MBA: U.S. mortgage applications down 8.1 percent for the week ending January 25

According to the Mortgage Bankers Association, mortgage applications decreased 8.1 percent in the past week.

On January 30, the Mortgage Bankers Association (MBA) released its Weekly Mortgage Applications Survey for the week ending January 25. According to the data, the number of individuals who applied for loans decreased 8.1 percent compared to the previous week.

The survey, which covers 75 percent of all all U.S. retail residential mortgage applications, has been conducted weekly since 1990 and respondents include mortgage bankers, commercial banks and thrifts.

Additional data reveals that the refinance share of mortgage activity decreased to 79 percent of total applications, down from 82 percent in the week ending January 18. As for the adjustable-rate mortgage (ARM) share of activity, that jumped to 4 percent of total applications.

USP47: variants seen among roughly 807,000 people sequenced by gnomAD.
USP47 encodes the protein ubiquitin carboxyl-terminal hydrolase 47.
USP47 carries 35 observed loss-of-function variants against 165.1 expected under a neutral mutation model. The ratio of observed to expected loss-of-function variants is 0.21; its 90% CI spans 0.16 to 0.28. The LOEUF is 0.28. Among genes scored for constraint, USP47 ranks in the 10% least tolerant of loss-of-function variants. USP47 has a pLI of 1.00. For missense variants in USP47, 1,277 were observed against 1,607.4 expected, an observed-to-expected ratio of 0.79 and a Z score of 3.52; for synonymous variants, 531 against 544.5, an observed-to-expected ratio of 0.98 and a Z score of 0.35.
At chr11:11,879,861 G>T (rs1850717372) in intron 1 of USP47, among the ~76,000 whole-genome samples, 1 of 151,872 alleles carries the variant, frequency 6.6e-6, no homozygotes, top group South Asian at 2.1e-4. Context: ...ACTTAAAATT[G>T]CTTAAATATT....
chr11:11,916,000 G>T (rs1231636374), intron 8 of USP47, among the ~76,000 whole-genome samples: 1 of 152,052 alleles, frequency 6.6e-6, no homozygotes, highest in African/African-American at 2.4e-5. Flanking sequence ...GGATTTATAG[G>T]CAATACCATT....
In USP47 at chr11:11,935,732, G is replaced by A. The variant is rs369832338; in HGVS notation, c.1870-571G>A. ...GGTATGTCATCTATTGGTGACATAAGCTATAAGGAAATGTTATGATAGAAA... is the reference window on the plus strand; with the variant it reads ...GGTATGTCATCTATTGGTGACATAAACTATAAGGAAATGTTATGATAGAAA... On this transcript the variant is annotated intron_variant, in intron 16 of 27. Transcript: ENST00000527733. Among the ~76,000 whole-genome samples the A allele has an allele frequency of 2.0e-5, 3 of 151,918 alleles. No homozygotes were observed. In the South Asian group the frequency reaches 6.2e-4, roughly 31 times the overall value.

The average contract interest rate for 30-year fixed-rate mortgages with loan balances of $417,500 or less reached the highest level since September 2012, rising from 3.62 percent to 3.67 percent. This particular measure has continued to increase for six out of the last seven weeks, according to the MBA’s press release. The rate for 30-year fixed-rate mortgages with balances greater than $417,500 also rose, jumping from 3.85 percent to 3.95 percent. 

“Record-low interest rates have attracted new buyers and persuaded many homeowners to refinance their existing mortgages,” states Dow Jones Newswires. “However, tightened credit restrictions still bar many borrowers from filing loan applications.” 

With the housing market experiencing positive growth and mortgage rates remaining at record-lows, many individuals may want to consider applying for a loan in the near future. With this in mind, lenders would be well-advised to invest in loan management software to ensure that the trend continues. This kind of software can help borrowers remain financially responsible and stay on top of their monthly payments.